bob pollard & co. at its finest...
i'm definitely a populist in terms of "bee thousand," as it remains one of my favorite musical documents, but people tend to gravitate around the "era" encapsulating "propeller," "bee thousand," "alien lanes" and "under the bushes under the stars." guided by voices are typically derided (pollard in particular) as being unable to maintain a kind of quality control, but i'm nearing asceticism in my devotion and belief in the near majority of their catalogue. i love the earlier, ramshackle and lo-fidelity efforts as much as anyone (especially overlooked marvels such as "same place the fly got smashed," "sunfish holy breakfast" and "vampire on titus"), but the summary dismissal of the latter half of gbv's existence is inexcusable to me. the hip opinion is to chastize and inveigh against the band for its reliance on the hiss and murky distractions of limited recording devices, the lo-fi aesthetic, etc., but people overlook that what qualifies as "lo-fi" wasn't a luxury or affectation as it is currently. a band like guided by voices was driven and populated by people in their mid-30s who couldn't afford session time and preferred to do it themselves, rather nobly. their songs and ineluctable charm are not dependent on methods of production - a good song remains a good song. after disbanding gbv's "classic" line-up (a misnomer, horribly, since something like 50 people at any point played with the band) pollard recruited more conscientious and "professional" players. however outrageous people may have found this, the results are beyond this kind of record store banter bullshit.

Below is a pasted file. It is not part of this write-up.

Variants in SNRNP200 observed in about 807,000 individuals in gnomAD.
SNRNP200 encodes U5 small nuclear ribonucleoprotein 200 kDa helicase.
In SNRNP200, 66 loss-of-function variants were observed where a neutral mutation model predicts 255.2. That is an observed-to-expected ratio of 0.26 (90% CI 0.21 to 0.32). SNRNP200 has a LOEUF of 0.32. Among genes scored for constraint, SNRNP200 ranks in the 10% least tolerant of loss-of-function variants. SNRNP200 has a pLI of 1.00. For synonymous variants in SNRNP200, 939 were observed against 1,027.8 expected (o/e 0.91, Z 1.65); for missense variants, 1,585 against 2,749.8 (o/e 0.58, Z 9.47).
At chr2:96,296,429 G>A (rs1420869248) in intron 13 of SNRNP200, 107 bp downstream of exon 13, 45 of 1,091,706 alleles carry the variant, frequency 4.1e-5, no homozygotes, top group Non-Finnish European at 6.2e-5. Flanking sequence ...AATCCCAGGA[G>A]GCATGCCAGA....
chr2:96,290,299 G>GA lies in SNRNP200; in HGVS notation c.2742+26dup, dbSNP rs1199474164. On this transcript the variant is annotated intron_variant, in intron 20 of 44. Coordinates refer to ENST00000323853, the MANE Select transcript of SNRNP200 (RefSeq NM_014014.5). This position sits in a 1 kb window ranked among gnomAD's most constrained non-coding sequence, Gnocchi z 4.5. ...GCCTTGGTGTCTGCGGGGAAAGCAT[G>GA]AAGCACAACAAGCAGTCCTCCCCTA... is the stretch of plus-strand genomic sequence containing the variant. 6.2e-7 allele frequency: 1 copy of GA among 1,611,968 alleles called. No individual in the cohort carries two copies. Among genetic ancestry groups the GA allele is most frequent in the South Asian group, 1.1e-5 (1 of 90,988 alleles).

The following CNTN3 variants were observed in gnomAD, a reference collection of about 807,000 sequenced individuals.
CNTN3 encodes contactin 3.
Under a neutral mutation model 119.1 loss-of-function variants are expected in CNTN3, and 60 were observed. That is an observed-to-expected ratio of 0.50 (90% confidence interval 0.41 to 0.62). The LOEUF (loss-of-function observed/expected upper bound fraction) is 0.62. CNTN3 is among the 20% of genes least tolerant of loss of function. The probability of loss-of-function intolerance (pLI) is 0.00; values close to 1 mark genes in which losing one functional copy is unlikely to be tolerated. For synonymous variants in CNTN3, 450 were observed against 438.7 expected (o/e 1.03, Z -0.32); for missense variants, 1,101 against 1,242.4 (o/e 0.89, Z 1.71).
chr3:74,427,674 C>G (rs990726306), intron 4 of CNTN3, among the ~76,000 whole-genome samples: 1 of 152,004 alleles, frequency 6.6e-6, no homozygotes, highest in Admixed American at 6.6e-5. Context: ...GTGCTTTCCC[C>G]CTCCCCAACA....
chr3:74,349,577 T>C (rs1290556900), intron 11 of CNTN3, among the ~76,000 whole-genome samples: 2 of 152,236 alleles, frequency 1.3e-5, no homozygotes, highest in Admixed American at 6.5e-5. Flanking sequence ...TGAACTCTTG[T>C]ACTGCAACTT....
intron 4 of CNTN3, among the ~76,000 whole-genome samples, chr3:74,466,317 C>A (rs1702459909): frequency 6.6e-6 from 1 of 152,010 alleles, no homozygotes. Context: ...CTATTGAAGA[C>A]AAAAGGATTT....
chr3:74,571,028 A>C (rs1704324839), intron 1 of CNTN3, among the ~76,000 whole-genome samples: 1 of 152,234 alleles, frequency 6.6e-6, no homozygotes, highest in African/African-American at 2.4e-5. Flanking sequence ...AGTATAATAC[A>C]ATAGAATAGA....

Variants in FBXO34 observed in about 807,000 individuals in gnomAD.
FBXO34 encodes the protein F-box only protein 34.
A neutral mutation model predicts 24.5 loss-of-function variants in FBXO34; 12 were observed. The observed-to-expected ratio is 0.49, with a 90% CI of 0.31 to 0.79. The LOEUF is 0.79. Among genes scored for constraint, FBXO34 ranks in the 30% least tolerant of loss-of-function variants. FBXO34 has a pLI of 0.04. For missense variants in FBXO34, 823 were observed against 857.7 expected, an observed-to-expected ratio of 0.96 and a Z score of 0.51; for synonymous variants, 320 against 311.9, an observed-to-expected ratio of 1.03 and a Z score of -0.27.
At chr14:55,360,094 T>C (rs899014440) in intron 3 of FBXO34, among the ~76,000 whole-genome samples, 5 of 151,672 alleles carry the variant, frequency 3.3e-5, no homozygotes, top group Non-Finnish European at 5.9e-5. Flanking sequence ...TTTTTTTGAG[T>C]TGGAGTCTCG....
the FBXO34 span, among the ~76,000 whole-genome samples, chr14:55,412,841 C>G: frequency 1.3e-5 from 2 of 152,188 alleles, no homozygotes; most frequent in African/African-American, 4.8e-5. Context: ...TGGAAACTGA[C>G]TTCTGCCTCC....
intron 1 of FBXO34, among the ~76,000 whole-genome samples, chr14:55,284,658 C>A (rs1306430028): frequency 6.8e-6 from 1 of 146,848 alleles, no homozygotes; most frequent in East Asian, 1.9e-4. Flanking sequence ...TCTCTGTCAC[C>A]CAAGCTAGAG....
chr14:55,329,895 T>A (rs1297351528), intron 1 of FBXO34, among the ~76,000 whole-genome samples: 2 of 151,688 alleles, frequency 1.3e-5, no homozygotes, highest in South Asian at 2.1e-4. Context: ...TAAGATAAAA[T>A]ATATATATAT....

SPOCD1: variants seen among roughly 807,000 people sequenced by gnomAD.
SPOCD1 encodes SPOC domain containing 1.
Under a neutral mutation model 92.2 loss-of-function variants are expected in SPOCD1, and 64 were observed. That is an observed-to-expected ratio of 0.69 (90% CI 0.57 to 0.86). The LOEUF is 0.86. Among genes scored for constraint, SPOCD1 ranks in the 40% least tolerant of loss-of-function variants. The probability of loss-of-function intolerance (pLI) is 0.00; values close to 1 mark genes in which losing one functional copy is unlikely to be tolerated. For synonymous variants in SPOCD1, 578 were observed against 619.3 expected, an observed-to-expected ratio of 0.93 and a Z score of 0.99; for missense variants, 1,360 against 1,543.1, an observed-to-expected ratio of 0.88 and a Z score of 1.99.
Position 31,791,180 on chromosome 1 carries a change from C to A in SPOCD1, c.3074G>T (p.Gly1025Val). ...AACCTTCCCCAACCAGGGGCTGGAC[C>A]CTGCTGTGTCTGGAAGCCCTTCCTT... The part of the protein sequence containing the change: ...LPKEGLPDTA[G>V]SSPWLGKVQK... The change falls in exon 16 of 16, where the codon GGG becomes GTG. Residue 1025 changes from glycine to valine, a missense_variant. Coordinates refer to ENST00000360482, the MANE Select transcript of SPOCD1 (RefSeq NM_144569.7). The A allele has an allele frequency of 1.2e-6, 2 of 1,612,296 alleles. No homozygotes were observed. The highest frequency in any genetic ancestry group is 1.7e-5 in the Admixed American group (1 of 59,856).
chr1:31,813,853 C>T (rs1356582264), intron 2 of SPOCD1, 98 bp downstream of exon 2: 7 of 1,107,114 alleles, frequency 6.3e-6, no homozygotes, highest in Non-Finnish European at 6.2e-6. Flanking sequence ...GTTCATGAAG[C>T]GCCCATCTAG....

"mag earwhig!" is beset with only 3 flaws - all of them forgivable, all of them occuring within the first 5 songs. those faults are - noticeably - "can't hear the revolution," "i am a tree" and the increasingly putrid "bulldog skin." aside from that, however, this record is phenomenal, at times reaching far beyond "under the bushes under the stars." "jane of the waking universe," "little lines," "sad if i lost it," "i am produced," "portable men's society," "not behind the fighter jet," "choking tara" and the chokingly-dense, apocalyptic "the finest joke is upon us" - my favorite on the album - alight in a kind of starburst grove, registering a level of intensity rarely reached on previous releases. the two successive albums - "do the collapse" and "isolation drills" - are far more uneven and tenuous, though still retaining a stunning amount of great songs (the former nowhere near as unlistenable as is often claimed). they regained their balance on their triumvirate of final releases, "universal truths and cycles," "earthquake glue" and "half-smiles of the decomposed," all of which permit the band to bow out gracefully (leaving - in my mind - a nearly unblemished discography).
download "mag earwhig!" by guided by voices: